QAA forges links to keep Britain ahead of the US and Australia

February 26, 1999

British higher education is playing the quality card in its efforts to compete with Australia and the United States for a share of the Southeast Asian market.

Close links between government departments and agencies in Malaysia and Thailand and Britain's Quality Assurance Agency are helping British institutions sell themselves as the "quality option".

Visits to both countries by QAA chief executive John Randall have been well received by governmentofficials and are seen as an indication of Britain's commitment to the region and to protecting the quality of twinning arrangements, courses on branch campuses and new "3 plus 0" British degrees delivered in Malaysian colleges.

The QAA has been invited tohelp both Malaysia and Thailand develop new national quality assurance systems that are seen as crucial components in the radical higher education reforms being introduced.

It is working with Malaysia's new National Accreditation Board, which has been given responsibilityfor overseeing the quality of programmes in Malaysia's private colleges and is expected also to assess quality inits public universities. Mohamed bin Suleiman, chief executive of the NAB, said: "We are pleased that the QAA wants to make its own evaluation of the franchised programmes, and they have agreed that their reports can be used by us. It is important that quality assurance agencies cooperate in this way."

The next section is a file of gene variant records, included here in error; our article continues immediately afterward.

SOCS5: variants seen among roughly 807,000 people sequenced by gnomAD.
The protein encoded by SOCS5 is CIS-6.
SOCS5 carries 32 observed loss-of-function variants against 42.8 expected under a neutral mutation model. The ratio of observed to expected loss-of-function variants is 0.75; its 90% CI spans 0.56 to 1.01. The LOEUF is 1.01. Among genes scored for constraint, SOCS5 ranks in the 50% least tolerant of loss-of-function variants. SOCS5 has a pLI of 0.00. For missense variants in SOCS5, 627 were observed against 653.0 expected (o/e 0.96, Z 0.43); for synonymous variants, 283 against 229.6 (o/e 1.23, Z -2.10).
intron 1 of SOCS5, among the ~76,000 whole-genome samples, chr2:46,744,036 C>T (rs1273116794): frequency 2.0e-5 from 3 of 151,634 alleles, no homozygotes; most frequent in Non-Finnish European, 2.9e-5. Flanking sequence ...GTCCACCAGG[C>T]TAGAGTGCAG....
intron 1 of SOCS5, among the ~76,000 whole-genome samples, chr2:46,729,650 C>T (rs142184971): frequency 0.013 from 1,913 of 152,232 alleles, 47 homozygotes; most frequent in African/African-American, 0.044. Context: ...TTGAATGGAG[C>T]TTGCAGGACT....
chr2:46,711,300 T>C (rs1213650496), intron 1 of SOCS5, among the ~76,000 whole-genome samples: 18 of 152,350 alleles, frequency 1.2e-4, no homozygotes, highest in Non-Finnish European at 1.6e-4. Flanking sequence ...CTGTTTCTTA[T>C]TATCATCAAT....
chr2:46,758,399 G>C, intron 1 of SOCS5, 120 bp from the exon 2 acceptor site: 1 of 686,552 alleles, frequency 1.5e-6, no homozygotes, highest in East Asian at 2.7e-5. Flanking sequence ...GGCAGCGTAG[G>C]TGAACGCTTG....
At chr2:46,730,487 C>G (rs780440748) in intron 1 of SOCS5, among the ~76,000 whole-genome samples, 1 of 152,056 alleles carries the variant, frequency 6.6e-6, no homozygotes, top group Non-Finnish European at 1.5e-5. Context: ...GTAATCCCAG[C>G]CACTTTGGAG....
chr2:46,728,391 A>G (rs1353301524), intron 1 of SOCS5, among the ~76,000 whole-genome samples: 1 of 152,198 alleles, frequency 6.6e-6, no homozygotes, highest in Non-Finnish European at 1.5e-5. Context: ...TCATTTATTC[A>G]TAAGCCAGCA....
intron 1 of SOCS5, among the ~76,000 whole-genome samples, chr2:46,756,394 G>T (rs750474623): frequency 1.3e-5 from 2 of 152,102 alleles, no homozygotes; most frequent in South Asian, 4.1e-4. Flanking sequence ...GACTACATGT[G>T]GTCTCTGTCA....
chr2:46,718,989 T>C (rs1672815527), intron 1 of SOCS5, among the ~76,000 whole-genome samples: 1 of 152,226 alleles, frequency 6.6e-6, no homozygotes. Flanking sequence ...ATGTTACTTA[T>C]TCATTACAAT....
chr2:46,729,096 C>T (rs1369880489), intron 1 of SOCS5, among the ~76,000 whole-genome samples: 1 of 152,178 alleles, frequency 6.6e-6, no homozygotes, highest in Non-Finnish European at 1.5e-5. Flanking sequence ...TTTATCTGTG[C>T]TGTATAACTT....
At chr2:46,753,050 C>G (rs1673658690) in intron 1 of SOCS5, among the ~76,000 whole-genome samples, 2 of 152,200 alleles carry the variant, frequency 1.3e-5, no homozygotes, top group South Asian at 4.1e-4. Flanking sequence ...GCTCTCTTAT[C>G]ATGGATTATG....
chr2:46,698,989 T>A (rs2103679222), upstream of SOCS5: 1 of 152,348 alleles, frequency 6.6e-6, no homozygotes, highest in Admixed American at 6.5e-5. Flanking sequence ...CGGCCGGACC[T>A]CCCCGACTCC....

In Thailand, ministers have been meeting Mr Randall to discuss possible models for the country's proposed new higher education quality assurance regime.They see this as crucial in theireffort to maintain standards as Thailand's public universities move towards gaining autonomy. Thai university heads have also become interested in raising standards following the publication of league tables by Asia Week, which gave most Thai institutions a low ranking.

Wanchai Sirichana, Thailand's education permanent secretary, said: "I have to thank Asia Week for making the institutions know they cannot just stand still. They haveto improve their quality."

Mr Randall said the QAA was determined to assess thoroughly arrangements for ensuring quality on all programmes, whether these were delivered entirely in an overseas college or on a British branch campus. This was easier to do if the QAA was working closely with quality agencies overseas. "We carry out overseas audits, but itis clearly beneficial for us if there are good quality assurance systemsthat we can have confidence in that affect the partner institutions in Malaysia or Thailand. It makes our job in looking at the links that much easier," he said.

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